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Thanks to an ICANN decision, new gTLDs are coming.

According to a recent Afilias study, a sizable minority of brands may apply for their own gTLDs, ushering in a new era in which consumers are asked to visit websites ending in .brand, and not .com.

There's reason to be skeptical about the new gTLDs. Many, for instance, see them as a cash grab for ICANN and a handful of companies. Some, myself included, believe the .brand gTLDs will have little utility for companies but that some will snap them up anyway as a defensive move.

We will soon find out whether the skepticism is well-placed or not. On April 12, ICANN will close applications for the new gTLDs. So who is buying, and who isn't?

According to Ad Age, most of the "major marketers" it contacted were silent on the matter, for obvious reasons. But one of the few companies that did indicate it's applying for gTLDs is a big one: Google.

A Google spokesperson told Ad Age, "We plan to apply for Google's trademarked TLDs, as well as a handful of new ones," adding "We want to help make this a smooth experience for web users -- one that promotes innovation and competition on the internet."

While the spokesperson did not reveal which gTLDs the search giant would be applying for, it's logical to expect the company to apply for .google and .brand extensions for some of its top properties, including YouTube. As Ad Age's Jason Del Rey notes, "one could see using '.YouTube' as a way to mark a brand's YouTube channel destination -- for example, www.AdAge.YouTube."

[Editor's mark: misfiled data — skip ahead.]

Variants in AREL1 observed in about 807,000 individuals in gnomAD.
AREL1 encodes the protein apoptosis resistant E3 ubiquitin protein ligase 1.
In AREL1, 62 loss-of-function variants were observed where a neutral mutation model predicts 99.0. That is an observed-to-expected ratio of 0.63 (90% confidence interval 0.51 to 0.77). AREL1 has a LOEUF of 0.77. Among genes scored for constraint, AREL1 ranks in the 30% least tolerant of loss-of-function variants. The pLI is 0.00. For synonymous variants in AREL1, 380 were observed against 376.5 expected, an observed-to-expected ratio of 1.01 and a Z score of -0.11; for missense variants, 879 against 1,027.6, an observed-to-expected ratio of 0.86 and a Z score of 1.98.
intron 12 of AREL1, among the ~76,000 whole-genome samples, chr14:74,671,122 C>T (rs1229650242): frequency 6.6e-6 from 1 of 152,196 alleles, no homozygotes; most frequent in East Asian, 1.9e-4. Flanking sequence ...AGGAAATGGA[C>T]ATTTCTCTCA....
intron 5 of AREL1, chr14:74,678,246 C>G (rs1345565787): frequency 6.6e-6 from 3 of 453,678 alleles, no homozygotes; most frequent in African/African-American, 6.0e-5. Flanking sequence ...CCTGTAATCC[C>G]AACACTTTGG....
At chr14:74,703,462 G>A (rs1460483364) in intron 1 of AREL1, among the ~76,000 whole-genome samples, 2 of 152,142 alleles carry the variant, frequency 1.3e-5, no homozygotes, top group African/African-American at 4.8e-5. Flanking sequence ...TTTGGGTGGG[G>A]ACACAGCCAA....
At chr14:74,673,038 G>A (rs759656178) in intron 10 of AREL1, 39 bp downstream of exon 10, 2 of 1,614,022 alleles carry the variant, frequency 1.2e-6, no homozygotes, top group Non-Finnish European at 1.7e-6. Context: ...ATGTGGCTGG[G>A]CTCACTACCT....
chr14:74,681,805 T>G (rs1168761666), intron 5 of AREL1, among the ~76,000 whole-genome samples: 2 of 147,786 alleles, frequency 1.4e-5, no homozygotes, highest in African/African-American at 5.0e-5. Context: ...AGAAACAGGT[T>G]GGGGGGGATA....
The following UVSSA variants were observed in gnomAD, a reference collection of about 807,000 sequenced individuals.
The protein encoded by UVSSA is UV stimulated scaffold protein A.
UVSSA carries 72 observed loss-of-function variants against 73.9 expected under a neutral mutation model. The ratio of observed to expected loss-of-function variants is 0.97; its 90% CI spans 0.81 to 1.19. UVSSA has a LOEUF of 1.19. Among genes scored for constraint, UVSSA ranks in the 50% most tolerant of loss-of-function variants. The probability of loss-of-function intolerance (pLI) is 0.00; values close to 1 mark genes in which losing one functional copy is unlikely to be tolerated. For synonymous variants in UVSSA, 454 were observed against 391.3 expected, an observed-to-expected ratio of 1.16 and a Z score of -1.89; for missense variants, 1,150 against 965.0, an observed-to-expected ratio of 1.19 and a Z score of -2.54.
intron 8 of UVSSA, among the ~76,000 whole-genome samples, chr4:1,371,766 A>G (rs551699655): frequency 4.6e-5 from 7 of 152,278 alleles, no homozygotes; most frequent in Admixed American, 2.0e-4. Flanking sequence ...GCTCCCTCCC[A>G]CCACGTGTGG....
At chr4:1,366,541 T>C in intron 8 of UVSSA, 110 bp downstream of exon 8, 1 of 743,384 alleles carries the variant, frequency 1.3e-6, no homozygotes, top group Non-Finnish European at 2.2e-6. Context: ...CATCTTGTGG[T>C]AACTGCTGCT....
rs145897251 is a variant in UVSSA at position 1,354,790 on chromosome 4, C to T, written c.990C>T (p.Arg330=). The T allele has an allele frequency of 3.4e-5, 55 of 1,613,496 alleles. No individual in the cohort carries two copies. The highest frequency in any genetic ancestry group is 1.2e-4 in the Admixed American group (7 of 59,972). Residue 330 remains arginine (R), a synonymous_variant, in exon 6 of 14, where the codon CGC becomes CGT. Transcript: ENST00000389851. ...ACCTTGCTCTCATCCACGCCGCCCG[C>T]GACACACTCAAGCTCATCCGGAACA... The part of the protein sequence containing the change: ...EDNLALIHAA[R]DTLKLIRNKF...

Google will apparently be joined by companies like Deloitte and Canon in its new gTLD quest. But others, including Facebook and Pepsi, are apparently going to wait and see.

"Consumers are always going to think about first going to MountainDew.com or Pepsi.com before they think about Drink.Pepsi," Pepsi's global head of digital, Shiv Singh, told Ad Age. "That's not going to change anytime soon, and maybe not for a few years."

It may never change. Because ICANN's process will make it all but impossible for squatters to register gTLDs for brands like Pepsi, the work of branding .brand domains will fall to the companies which are going to not only register new gTLDs, but actually use them. Google may be one, but unfortunately for the supporters of the new gTLDs, it may only be one of a few with the resources to do anything meaningful.

Patricio Robles

Published 9 April, 2012 by Patricio Robles

Patricio Robles is a tech reporter at Econsultancy. Follow him on Twitter.

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gtld madness

12 April 2012 is the closing date not the opening date.

over 4 years ago

Heather Taylor

Heather Taylor, Editorial Director at Econsultancy